1. remarkable, special, excellent, extraordinary, outstanding, superior, first-class, marvellous, notable, phenomenal, first-rate, prodigious, unsurpassed
2. unusual, odd, strange, rare, unprecedented, peculiar, abnormal, irregular, uncommon, singular, deviant, anomalous, atypical, aberrant
Among the forces of antagonism that beset poems for the young is the perception that poetry is exceptional. This word cuts two ways, and even the best connotations can become obstacles for poets, teachers, readers, and publishers. If prose is the literary norm then verse is abnormal. There is not only a difference in kind between prose and verse but also a difference in esteem.
Are poems too weak, too strong, too smart, too silly, too hard, too profound, too edgy, too easy, too short, too curt, too good, too strange for the masses? For our children?
Is verse so different from prose that it must be segregated, downgraded, or elevated?
Does courting a much larger audience belittle poetry?
Are there already too many poets?
“A half dozen worthies…have saturated the market. New applications are not being accepted. Find another career.”
“Kids love poetry!”
“VERSE DOES NOT SELL.”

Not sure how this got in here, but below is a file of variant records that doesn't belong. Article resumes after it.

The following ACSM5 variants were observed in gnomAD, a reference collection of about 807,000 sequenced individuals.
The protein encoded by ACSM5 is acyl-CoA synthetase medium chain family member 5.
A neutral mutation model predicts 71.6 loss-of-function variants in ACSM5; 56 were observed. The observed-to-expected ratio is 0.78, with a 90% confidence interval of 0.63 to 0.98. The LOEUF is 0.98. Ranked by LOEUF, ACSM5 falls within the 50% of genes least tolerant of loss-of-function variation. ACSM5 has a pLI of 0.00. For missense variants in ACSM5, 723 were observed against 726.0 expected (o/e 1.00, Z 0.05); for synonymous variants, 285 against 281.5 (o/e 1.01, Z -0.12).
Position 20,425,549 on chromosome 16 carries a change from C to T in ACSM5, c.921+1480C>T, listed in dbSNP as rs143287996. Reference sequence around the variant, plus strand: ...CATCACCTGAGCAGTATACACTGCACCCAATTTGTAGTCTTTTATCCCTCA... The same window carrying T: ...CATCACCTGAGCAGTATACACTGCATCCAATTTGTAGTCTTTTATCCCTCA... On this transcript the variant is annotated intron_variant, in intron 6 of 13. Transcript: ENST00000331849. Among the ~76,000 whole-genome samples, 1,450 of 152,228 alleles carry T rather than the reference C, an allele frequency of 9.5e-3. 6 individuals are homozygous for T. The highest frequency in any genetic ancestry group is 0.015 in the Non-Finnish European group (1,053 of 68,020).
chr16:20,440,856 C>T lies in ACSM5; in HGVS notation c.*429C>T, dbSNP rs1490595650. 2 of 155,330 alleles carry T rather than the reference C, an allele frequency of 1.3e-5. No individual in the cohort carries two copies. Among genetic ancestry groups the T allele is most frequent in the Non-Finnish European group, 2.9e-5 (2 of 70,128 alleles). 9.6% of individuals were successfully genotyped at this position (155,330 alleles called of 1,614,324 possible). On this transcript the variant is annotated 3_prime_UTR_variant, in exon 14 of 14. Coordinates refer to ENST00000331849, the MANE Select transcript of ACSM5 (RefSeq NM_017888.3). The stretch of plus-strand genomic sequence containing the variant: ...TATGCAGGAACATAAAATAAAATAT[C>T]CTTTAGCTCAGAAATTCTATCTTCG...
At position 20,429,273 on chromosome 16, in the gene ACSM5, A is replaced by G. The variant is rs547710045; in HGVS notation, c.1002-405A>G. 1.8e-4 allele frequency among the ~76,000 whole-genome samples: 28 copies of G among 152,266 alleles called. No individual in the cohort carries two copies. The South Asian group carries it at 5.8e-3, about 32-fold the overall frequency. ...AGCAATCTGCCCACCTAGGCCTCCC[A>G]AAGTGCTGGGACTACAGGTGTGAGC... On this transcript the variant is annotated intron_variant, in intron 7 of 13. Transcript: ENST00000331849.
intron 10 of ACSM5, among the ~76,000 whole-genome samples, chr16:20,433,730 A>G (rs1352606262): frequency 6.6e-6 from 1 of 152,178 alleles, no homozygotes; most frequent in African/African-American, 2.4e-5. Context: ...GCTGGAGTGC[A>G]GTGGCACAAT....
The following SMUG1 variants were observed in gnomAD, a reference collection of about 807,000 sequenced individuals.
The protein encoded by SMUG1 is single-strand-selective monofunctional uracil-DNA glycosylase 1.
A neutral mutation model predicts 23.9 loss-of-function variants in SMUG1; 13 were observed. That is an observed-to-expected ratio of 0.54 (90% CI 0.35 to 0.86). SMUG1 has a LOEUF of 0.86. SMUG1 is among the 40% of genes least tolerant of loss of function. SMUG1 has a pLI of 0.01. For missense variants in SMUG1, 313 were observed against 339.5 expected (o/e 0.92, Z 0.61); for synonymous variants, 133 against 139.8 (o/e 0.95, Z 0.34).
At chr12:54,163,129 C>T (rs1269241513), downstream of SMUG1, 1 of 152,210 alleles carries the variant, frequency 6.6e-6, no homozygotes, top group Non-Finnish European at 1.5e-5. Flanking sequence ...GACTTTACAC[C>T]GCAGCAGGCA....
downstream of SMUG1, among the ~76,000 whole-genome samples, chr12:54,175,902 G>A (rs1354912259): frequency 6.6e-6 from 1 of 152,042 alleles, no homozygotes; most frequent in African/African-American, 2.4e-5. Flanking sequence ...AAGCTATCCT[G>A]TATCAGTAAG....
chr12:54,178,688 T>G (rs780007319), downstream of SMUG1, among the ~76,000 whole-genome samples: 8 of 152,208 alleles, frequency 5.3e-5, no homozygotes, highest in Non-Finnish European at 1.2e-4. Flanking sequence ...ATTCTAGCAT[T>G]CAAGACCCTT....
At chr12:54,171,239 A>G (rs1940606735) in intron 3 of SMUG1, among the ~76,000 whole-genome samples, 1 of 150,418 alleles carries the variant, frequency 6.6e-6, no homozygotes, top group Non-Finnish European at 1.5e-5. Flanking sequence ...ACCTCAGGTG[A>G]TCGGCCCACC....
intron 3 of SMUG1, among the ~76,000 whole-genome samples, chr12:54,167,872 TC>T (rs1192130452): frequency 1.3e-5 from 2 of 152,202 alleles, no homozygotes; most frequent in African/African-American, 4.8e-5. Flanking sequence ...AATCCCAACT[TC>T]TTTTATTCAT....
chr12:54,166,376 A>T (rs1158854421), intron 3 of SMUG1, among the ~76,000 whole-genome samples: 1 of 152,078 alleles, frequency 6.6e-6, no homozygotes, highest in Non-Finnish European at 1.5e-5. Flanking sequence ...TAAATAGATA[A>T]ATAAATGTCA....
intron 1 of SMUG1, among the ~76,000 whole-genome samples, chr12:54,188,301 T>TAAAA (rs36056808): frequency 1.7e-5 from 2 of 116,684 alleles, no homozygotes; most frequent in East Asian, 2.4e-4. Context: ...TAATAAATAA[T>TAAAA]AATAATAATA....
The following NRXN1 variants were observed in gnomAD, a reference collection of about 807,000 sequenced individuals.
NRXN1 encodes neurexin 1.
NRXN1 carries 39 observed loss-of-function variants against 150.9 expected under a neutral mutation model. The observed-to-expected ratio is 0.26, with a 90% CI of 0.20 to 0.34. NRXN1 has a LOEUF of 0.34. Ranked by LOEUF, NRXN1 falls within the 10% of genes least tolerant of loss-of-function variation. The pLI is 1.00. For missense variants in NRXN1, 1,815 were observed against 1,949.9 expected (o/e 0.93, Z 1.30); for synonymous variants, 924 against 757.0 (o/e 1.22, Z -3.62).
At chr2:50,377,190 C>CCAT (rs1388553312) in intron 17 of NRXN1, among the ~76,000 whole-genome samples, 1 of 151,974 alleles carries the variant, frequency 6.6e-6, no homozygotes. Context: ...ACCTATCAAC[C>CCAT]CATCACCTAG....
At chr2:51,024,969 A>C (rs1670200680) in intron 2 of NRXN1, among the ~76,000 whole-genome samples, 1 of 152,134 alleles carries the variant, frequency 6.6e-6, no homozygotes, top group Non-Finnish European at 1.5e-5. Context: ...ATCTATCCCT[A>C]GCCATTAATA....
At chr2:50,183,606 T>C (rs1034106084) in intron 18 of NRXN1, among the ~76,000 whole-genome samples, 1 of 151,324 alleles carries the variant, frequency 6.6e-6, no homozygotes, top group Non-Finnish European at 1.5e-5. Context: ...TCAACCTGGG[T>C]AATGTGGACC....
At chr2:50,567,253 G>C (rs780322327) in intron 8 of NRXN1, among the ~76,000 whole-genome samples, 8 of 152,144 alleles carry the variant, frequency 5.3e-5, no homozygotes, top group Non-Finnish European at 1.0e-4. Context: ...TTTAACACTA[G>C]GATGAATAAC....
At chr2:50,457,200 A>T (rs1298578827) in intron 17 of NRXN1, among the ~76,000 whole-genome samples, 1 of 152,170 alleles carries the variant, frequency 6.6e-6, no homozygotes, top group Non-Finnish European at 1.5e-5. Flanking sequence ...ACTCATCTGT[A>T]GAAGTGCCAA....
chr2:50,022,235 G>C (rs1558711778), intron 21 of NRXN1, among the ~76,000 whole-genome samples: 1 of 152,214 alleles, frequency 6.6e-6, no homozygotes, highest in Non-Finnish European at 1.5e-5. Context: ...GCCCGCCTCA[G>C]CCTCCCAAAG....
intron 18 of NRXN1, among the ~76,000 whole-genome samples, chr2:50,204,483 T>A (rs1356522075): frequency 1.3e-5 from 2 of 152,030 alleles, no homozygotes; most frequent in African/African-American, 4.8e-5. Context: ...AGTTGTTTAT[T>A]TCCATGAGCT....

For years I was an advocate not for children’s poetry, but for children’s comics. When I was a kid in the 1970s and 1980s, there were no comics in bookstores (save for a few graphic novels for adults) or in libraries (save for a few Tintin and Asterix albums), and there was no Web. Comics were newspaper strips or floppy pamphlets in hobby shops (no kids or girls allowed).
Along with Scott McCloud and a few others, I predicted that the Gen X and Gen Y generations—especially young women—would integrate comic strips, comic books, manga, and picture books into an accepted (and acceptable) form of literature. And they’re now doing just that…and much more.
Today, publishers are starting up comics imprints; librarians and booksellers see comics as staple purchases; and preschoolers are learning to read via sequential art. Kids don’t think of them as comics; they’re just books or apps. These were impossibilities, and they became realities. The paradigm shift occurred, and comics aren’t going away.
I’ll be bold and say that we’re on the verge, the near edge, of something similar (and similarly dramatic) for poetry—witness the YA verse novel as one sort of “pre-shift” adaptation—something that will likely reach critical mass later this decade. And after that…it’s anyone’s guess. Some will say, “Never going to happen—poetry’s too [insert favorite adjective].” However…
Kids and teenagers are catching on to what poetry can do—and they’ll create something for the 21st century that we 20th-century kids have never seen and can barely imagine. And when they do, I want them (and their teachers) to inherit a sense of history and tradition that could easily be lost or pushed aside.
Who was Myra Cohn Livingston, anyway?
When the next Valerie Worth comes along, will the comparison still be viable?
Do we accept exceptional?
©2011 Steven Withrow, all rights reserved